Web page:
Tree-D printing: 3d printing in wood

Open3DP, a lab designed to explore the potential of 3d printing technologies, has developed a method for printing using wood flour.

Open3DP has been developing new methods and materials for 3d printing since it was founded as a branch of the Solheim Rapid Prototyping Laboratory at the University of Washington. They’ve developed methods for printing using powdered tea, bone, salt, and plaster just to name a few.

One day, sparked by an April fool’s prank by Freedom of Creation, PhD Student Meghan Trainor thought it wouldn’t be all that difficult to actually pull off wood printing. There’s already a cheap, readily available wood powder called wood flour which happens to be just the right density to be fed into their machine. After half a year of experimentation and tweaking Open3DP is pleased to announce their results.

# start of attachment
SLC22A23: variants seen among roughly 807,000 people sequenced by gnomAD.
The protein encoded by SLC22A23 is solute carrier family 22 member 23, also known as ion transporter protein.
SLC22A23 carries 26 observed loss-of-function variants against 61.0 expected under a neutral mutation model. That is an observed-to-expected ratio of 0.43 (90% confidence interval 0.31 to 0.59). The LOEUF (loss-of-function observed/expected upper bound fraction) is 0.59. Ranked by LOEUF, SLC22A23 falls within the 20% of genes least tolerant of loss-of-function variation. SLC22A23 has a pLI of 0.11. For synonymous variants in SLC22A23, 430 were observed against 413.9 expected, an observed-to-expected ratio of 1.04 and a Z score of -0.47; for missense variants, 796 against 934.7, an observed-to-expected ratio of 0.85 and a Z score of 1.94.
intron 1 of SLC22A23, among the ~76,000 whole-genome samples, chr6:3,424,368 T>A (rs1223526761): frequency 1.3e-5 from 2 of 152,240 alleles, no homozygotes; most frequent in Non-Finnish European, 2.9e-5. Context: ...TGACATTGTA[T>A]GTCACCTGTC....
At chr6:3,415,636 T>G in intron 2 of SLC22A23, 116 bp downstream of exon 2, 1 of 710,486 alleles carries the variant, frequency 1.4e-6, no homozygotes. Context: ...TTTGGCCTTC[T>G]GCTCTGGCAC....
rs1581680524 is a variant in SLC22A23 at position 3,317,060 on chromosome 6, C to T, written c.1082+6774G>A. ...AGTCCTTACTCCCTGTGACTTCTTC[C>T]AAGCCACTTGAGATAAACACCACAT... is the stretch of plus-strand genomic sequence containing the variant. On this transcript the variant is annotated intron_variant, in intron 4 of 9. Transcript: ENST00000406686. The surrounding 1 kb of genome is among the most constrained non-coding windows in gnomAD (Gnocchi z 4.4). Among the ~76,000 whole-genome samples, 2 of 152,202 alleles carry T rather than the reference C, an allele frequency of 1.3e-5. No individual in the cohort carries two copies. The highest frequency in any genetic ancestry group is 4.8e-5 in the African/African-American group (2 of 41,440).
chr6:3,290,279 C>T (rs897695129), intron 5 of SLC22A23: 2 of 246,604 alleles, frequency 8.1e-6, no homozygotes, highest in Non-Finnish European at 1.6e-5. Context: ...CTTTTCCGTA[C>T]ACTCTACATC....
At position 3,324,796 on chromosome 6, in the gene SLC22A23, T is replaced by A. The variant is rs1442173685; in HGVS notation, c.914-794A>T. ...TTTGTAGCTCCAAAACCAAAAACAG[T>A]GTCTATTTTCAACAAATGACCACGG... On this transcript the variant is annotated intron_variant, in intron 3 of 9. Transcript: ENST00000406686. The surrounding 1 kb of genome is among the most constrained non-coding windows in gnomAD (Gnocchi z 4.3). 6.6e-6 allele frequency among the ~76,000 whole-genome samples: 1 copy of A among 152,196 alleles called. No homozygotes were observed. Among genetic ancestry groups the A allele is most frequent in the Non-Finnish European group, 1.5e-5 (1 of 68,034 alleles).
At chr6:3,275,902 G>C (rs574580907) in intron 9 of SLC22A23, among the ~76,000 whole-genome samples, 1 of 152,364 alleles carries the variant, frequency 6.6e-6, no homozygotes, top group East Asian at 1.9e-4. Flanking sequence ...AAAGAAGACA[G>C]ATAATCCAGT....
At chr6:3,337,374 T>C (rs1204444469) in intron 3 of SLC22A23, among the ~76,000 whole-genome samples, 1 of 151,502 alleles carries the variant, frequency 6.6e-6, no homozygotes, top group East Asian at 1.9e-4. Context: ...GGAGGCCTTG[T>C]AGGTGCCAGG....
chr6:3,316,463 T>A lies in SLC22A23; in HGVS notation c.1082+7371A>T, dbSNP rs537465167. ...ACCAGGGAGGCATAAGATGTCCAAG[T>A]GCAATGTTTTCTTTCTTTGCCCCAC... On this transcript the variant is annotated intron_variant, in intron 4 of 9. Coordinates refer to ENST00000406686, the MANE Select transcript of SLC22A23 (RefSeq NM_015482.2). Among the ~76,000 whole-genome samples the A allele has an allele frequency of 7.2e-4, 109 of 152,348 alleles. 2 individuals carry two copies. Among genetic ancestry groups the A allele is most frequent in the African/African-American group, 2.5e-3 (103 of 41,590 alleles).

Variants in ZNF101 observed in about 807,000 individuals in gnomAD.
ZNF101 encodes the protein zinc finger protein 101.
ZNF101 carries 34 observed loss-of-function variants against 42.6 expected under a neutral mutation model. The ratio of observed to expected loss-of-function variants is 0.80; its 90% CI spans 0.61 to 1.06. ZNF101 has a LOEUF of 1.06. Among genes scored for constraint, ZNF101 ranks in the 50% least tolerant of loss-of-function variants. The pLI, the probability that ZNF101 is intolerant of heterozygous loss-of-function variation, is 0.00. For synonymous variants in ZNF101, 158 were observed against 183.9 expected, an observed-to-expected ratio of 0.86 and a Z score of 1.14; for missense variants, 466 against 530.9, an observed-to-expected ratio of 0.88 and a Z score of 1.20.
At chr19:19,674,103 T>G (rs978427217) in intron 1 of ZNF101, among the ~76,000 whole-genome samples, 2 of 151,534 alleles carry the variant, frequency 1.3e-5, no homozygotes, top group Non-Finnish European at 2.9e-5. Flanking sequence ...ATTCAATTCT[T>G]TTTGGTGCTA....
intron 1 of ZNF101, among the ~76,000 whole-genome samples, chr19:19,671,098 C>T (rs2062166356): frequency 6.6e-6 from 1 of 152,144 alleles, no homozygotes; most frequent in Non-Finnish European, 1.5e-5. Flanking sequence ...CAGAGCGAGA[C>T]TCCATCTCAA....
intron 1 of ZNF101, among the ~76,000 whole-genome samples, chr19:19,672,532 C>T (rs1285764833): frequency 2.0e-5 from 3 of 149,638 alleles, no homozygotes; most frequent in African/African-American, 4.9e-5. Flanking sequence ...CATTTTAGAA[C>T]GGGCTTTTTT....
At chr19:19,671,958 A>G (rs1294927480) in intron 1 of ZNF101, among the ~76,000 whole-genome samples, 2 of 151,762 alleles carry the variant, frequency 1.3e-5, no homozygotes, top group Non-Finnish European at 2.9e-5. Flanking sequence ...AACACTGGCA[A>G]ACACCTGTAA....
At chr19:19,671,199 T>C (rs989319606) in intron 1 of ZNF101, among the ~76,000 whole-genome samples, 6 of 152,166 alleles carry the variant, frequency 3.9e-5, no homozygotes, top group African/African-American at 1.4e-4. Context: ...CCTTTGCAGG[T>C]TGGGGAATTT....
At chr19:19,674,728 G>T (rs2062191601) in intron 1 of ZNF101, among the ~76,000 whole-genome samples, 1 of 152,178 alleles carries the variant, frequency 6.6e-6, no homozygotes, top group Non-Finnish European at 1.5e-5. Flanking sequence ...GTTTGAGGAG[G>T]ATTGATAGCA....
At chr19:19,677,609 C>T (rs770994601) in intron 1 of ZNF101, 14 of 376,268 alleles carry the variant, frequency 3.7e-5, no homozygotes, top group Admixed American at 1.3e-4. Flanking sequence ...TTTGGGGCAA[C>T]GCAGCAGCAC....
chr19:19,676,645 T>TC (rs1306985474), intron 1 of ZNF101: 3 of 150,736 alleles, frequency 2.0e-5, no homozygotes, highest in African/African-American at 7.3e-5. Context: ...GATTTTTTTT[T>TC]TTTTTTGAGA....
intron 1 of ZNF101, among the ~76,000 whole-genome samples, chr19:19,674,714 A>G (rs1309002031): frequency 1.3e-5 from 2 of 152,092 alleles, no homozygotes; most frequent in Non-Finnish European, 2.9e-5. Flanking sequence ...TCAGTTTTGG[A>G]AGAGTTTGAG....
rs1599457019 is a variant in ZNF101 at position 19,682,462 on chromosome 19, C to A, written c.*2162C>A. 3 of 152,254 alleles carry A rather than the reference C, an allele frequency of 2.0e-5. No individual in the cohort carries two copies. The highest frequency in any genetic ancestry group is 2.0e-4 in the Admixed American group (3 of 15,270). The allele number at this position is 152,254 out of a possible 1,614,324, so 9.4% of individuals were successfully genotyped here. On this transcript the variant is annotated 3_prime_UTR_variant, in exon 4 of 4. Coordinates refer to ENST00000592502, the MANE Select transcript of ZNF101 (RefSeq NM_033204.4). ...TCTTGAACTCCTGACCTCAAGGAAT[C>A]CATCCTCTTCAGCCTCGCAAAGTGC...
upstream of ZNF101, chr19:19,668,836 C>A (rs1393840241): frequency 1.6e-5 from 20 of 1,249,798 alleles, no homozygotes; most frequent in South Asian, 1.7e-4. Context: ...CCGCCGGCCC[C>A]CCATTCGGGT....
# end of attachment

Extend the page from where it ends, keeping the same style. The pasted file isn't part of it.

Open3DP uses  a printer that puts out layers of powder that are bound together with a very precisely placed adhesive (much like our own rainbow ceramic printer). One of the fascinating things about this process is that they can switch out materials and adhesives to find exactly the right mix for any of a thousand factors ranging from price, durability, and finish quality.

You can find all the details on their blog and more photos of the process on the Open3DP Flickr stream.

Related posts:

One Response to “Tree-D printing: 3d printing in wood”

  1. Steve Hoefer Says:

    This reminds me of one of the early forms of 3d printing that I’m not sure is around any more. The printer would laminate individual sheets of paper or wood on top of each other, CNC milling each layer to shape before applying the next.

    Does anyone know if this process is still in development?